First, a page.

Wednesday, October 26, 2011

Float with the Flame

As death is the "change agent" of Life, as Steve Jobs observed, then fire is a growth agent, causing people to pop open like the seeds of certain plants, germinating fresh life. I must be of this species of plant, since fire transformed my journey powerfully on October 20, 1991, in Oakland, California. Yes, twenty years ago this month.

Fire brings a spiritual re-alignment, a crackling pop of a psychic chiropractic adjustment. There is an Aha! of what is really important, and what is not.

The Oakland Hills Fire revealed my ultimate priorities. It gave me the courage to leave my cozy burrow in the hills above the romantic city and migrate to a better place. A friend who also landed here in Big Sur afterwards commented, "That fire was one of the best things that's ever happened to me." I would have to agree.

One of my favorite stories is from my neighbor who, after jumping through flaming hoops to get home, realized just as he came through his front door that nothing in the house was important enough to take. He walked away from it all, and then in the end, his home was safe.

When you lose all of the personal items that somehow define who you are, you release an anchor chain that stretches to the bottom of the sea. That chain, swirled in tendrils of green muck, drops to the floor as the ship sails free. Instant lightness of being. Your focus is freed up to be in the moment as there is less care and feeding of "the stuff".

And then, something magical happens. You see all living things in a new light -- and all your experiences become filled with wonder. For about a week. That state of grace which I enjoyed after the Oakland Fire made me fearless about facing a crisis, and left me floating upward, with the alchemical flames, into a new life.

I can still see the word Samsara almost jumping off the perfume bottle at my friend's house a week after the fire. Of all the assorted toiletries in the medicine cabinet "Samsara", a concept I was just beginning to grasp, was suddenly as crystal clear to me as the label on that glowing vial.

In dreams, my missing cats reassured me that they were napping in the sunshine on the other side. Years later I learned my future husband had stood beside me on that nightmarish afternoon, watching news broadcasts of the disaster at a pub in Noe Valley.

The fire taught me that the capacity for grief is directly proportional to the capacity for joy, that there is always a blessing hidden in tragedy, that angels do, in fact, watch over us all.

The illustration above was done by my friend Dave Ember, who worked as a graphic artist for the Oakland Tribune in 1991. He wrote a lovely poem on the original, which he gave to me.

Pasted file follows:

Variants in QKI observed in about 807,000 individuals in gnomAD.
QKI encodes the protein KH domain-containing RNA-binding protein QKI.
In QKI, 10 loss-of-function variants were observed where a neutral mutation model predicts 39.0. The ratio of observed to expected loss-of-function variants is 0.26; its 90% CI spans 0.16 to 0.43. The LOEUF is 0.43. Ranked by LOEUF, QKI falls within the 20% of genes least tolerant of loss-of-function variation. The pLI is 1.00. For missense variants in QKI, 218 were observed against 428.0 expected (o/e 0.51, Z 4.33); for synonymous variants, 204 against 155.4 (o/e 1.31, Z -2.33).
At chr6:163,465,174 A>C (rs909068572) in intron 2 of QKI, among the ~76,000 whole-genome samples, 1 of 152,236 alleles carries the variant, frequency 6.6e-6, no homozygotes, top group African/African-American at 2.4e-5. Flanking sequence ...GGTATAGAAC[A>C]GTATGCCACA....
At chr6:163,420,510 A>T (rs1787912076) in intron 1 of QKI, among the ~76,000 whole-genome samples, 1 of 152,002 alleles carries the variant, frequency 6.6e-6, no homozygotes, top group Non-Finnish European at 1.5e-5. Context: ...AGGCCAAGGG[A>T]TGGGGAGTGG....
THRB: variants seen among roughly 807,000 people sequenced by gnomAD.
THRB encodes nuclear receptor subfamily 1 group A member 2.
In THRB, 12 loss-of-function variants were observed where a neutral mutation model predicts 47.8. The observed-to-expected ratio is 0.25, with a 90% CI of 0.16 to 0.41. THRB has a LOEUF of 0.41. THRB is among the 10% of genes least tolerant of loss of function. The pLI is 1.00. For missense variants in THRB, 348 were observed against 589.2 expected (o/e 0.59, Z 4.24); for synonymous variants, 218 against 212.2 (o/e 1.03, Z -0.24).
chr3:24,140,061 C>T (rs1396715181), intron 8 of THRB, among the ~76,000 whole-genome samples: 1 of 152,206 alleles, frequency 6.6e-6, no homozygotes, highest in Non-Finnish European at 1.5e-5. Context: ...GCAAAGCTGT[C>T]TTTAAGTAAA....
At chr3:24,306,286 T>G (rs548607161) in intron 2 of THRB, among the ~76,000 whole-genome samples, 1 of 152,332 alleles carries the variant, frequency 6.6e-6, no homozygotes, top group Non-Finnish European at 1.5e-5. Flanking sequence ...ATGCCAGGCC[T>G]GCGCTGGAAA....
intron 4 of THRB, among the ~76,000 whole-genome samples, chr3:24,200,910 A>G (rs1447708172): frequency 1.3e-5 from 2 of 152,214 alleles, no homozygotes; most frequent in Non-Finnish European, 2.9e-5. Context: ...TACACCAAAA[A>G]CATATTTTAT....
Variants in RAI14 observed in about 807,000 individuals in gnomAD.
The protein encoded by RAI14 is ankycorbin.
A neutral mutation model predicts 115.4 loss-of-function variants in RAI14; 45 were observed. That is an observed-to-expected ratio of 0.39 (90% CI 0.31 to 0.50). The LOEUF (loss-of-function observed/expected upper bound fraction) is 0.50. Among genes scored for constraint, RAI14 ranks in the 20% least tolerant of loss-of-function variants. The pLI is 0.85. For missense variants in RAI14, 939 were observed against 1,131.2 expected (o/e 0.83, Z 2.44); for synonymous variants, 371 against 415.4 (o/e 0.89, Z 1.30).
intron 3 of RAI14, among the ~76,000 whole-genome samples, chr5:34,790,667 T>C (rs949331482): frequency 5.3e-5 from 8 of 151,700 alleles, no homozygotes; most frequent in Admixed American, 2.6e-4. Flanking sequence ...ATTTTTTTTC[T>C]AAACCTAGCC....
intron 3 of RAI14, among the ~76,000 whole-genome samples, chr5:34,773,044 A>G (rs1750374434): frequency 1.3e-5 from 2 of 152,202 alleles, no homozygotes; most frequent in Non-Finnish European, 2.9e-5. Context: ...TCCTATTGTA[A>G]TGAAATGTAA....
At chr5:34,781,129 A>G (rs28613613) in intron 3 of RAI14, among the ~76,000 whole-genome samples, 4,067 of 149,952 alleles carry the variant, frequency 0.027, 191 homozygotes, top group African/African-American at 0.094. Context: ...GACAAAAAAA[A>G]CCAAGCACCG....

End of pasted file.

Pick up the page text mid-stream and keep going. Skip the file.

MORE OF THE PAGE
"The flowers
of the future

spring forth from
the ashes of the past --

float with the flame."
--Love, Dave

Tuesday, October 4, 2011

Me and my Ice Pack

Time to admire the flowers once more.

Life pushed me down on the playground recently. This is not a metaphor. I actually did fall and twist my ankle a month ago.

It felt like the school-yard bully, some mean girl, came up behind me and smacked me down onto the asphalt. I came up with those hot fast tears in my eyes that come with the question, “Who did that?” I may even have looked around, though I was alone.

Even though I had traipsed all over the rugged terrain of Esalen Institute the previous week (learning about my soul’s camouflauge) wearing these same, potentially deadly clogs, apparently I was due to have my own mini-accident, falling off of Highway One on the way to the Labor Day party.

Ah, the lowly ankle, so taken for granted, and so necessary to comfortable daily living. Unlike other joints, this one gets constant, weight-bearing use.

Anyone who’s lived in uneven rural terrain can tell you how important it is to have coordination, balance and sturdy ankles. Climbing over wood-piles, chasing stray goats, bush-whacking through forests searching for chanterelles, or lugging groceries down stone steps, are just a few of the tasks where losing one’s footing can be extremely inconvenient.

Deciding to practice stoicism (most un-characteristic for me) I didn’t go to the Big Sur Health Center right away. Since piggy back rides from dashing gentlemen only work for the first few hours or so post-injury, the following day I borrowed my husband’s crutches from his ankle cracking last year (a brush-with death-while-pruning event.)

Later that week a Qigong instructor gave me Taoist Liniment to apply religiously to my swollen foot, a dancer friend suggested an arch support, and my dear neighbors brought me a few blessed vicodin tablets. (These same neighbors loaned me a great book, “The Art of Racing in the Rain” a wondrous read for all us dog-lovers out there.)

Now, a month later, I am still hurting, and have learned to love my ice pack. Seems the universe is telling me to put my foot up at the end of the day. However, at this point I am beginning to worry about my caloric intake, since my general pattern of eating whatever I like and breaking a sweat a few times a week has been interrupted. Kind of ominous, as we head in to winter!
Hmmm, nuts and berries, hold the Deetjens Eggs Benedict, for a few weeks at least...